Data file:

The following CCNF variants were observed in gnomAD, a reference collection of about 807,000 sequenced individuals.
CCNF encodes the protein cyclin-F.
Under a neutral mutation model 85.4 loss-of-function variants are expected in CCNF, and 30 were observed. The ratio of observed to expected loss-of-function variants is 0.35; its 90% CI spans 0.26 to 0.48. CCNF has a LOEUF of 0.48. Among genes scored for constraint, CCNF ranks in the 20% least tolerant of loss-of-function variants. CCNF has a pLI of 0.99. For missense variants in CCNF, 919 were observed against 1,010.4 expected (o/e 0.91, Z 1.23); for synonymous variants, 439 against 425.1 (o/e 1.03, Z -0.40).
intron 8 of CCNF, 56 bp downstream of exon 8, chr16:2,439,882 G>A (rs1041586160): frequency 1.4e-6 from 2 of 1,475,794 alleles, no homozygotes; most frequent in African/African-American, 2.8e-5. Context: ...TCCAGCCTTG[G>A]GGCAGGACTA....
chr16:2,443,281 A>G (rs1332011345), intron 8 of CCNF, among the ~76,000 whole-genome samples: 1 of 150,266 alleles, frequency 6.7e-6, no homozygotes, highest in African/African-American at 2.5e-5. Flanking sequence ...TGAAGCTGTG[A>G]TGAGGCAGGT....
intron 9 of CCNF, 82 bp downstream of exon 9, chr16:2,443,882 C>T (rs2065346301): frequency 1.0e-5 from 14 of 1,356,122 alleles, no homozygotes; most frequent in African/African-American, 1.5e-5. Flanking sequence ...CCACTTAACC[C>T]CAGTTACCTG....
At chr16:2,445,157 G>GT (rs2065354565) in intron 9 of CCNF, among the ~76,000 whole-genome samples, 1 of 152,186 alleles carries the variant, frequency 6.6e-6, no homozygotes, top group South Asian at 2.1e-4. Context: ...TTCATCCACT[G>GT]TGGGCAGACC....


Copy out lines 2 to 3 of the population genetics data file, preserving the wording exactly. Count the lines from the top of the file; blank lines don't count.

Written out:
CCNF encodes the protein cyclin-F.
Under a neutral mutation model 85.4 loss-of-function variants are expected in CCNF, and 30 were observed. The ratio of observed to expected loss-of-function variants is 0.35; its 90% CI spans 0.26 to 0.48. CCNF has a LOEUF of 0.48. Among genes scored for constraint, CCNF ranks in the 20% least tolerant of loss-of-function variants. CCNF has a pLI of 0.99. For missense variants in CCNF, 919 were observed against 1,010.4 expected (o/e 0.91, Z 1.23); for synonymous variants, 439 against 425.1 (o/e 1.03, Z -0.40).